Raleigh Hand Center
3701 Wake Forest Rd
Raleigh, NC 27609
What is an extensor tendon?
The extensor tendons of the hand are important elements of normal hand function. These tendons work together to straighten, or extend, our fingers allowing our hands to perform a seemingly infinite number of tasks. Each finger is controlled by at least one extensor tendon which begins as a strong muscle in the forearm. The index and small fingers often have an additional extensor tendon.
There is an important relationship between form and function in the hand. A delicate balance exists between the bones, joints, tendons and other soft tissue structures. A small disruption of this fine balance can affect the overall function of the hand. This is made apparent with extensor tendon injuries. Early diagnosis is very important to obtain the best outcome.
How is the injury diagnosed?
An extensor tendon laceration (cut) is often caused by a sharp object such as a piece of broken glass or knife. This diagnosis is usually obvious to the patient and caregiver, as the patient cannot lift (extend) the finger after a deep cut. Extensor tendon injuries in the fingers can also occur from blunt trauma (without a laceration). The diagnosis can be more subtle in these cases. Associated injuries to the skin, bones, joints, nerves, and blood vessels of the hand are also important to evaluate. Although tendons cannot be seen on x-rays, an x-ray may be ordered to look for a fracture in the underlying bones. CT scan, ultrasound, and MRI are not usually required.
What are the treatment options?
In any case, the wound should be cleaned thoroughly to help prevent infection. The treatment of the tendon injury depends on which tendon was injured and at what location. When an extensor tendon is completely lacerated, the muscle belly in the forearm pulls the two ends apart. This gap prevents the tendon ends from joining back together and healing on their own. Surgery is the only way to reconnect lacerated tendon ends. In cases of blunt trauma, some extensor tendon injuries can heal with non-surgical splinting. A specific injury to the terminal extensor tendon of the finger is called a mallet finger, and is discussed separately.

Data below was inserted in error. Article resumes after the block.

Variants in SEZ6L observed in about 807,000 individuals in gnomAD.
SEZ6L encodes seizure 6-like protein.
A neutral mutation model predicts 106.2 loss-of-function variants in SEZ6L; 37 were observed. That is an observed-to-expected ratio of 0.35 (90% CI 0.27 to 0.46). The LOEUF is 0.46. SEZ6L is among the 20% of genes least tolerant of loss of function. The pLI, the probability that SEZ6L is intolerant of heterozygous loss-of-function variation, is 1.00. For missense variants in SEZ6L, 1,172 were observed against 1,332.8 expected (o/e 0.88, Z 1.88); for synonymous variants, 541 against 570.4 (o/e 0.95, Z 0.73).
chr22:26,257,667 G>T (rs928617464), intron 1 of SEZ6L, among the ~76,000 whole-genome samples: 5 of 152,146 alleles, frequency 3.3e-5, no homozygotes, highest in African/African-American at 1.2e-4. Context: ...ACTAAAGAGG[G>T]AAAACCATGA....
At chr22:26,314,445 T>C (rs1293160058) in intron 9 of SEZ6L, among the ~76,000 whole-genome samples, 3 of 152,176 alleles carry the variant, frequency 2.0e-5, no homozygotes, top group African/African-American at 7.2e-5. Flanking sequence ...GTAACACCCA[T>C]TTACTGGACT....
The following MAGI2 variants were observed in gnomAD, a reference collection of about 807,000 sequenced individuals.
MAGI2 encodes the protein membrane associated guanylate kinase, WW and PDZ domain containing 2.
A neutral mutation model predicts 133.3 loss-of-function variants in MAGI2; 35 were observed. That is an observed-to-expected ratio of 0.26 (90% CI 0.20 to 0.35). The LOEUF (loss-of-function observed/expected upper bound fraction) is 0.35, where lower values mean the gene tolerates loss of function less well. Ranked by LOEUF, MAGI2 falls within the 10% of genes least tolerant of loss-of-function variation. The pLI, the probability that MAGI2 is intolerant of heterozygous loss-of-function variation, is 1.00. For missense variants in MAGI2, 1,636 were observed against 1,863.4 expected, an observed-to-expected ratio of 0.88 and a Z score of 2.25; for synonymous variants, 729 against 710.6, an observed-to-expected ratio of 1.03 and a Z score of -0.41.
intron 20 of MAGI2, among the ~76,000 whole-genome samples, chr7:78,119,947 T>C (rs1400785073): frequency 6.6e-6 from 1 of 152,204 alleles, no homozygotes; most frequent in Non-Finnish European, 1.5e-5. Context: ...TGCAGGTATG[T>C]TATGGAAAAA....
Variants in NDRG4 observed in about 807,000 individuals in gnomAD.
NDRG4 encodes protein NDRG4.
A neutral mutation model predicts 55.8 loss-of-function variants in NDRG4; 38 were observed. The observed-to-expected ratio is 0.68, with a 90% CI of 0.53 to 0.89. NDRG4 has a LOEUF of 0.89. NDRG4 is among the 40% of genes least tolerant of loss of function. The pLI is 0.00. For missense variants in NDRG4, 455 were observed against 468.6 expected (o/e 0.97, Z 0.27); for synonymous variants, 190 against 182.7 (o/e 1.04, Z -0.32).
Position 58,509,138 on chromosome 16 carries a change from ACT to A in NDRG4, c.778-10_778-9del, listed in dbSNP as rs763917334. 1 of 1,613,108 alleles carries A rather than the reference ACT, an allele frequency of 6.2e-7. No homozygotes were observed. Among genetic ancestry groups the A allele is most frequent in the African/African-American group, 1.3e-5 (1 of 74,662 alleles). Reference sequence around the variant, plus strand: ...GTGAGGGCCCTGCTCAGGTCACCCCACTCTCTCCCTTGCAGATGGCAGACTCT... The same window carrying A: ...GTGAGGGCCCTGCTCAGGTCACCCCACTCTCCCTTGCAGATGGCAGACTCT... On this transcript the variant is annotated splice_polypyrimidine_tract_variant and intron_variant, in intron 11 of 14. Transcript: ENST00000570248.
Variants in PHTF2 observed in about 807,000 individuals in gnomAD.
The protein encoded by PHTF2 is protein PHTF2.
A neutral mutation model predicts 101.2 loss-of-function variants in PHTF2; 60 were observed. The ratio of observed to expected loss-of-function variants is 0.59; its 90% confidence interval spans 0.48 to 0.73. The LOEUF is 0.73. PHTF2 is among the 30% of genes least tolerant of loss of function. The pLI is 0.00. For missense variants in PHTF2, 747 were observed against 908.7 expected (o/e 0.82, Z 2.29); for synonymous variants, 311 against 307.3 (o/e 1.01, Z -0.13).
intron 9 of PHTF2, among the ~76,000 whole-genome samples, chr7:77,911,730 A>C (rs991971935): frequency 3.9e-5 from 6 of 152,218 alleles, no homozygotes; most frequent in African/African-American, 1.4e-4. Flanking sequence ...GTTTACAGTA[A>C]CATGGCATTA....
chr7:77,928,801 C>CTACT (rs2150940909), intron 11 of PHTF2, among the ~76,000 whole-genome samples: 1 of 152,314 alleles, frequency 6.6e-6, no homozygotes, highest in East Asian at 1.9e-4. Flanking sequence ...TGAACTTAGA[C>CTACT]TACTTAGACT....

What is involved with surgery?
The surgery is usually performed on an outpatient basis using either regional anesthesia or general anesthesia. During surgery, the tendon ends are identified and repaired using sutures. This is called a “primary repair.” Often the skin incision is extended in order to retrieve the retracted tendon ends. Injured nerves and/or arteries are also addressed at the time of surgery and repaired if needed. If there has been a delay of more than a couple of weeks, it may not be possible to bring the ends of the retracted tendons back together and perform a primary repair. In this case, a tendon graft can be used to bridge the gap, or the tendon can be attached to an adjacent intact tendon.
Is therapy required?
Yes. Occupational therapy guided by a therapist trained in hand care (certified hand therapist) is important in the recovery from a repaired extensor tendon. The therapist will guide the patient through the rehab protocol and promote an increase in range of motion and reduction in swelling, scar tissue, and pain. While the tendons are healing it is possible to rupture (break) the repair if too much force is applied to them. On the other hand, if a patient does not work on adequate range of motion during recovery, the hand and fingers will invariably be stiff. Therefore, patients require guidance by therapists to perform optimal rehabilitation and "walk" this fine balance. I will oversee the rehabilitation process and make adjustments as needed.
What can I expect after surgery?
Rest and elevation of the hand to the level of the heart is very import for the first few days after surgery to reduce swelling. Shoulder and elbow range of motion exercises are important to help prevent stiffness in these joints.
After the surgery, your wrist and fingers will be immobilized in a plaster splint to protect the repair. The splint will be removed in our clinic after a few days and a removable splint will be made for you. At first, the therapist will focus on reducing pain, swelling, and increasing range of motion. Later, as the tendon repair heals, strengthening will be emphasized.
Most patients can return to more normal function 3-4 months post-operatively, but maximum improvement can take 6-12 months. Recovery time varies among patients, depending on the severity of the injury, possible complications, and pain tolerance of the patient. Sometimes people do not regain full range of motion or strength after the injury. My goal is to help each patient obtain the most function possible.
What are the complications from surgery?
Possible complications include bleeding, infection, swelling, stiffness, rupture of the repair, and damage to the surrounding nerves and blood vessels. If scar tissue and stiffness become a problem during rehabilitation, an additional surgery called a “tenolysis” can be helpful to gain more motion. This procedure is designed to remove scar tissue around the tendons. Other complications are also possible but are uncommon.
This material is intended for general reference only and does not replace an evaluation by a physician.
If you have a cut finger or hand, please call the Raleigh Hand Center to be evaluated promptly.
Copyright 2014 Erickson Hand Surgery
Raleigh Hand Center
3701 Wake Forest Rd
Raleigh, NC 27609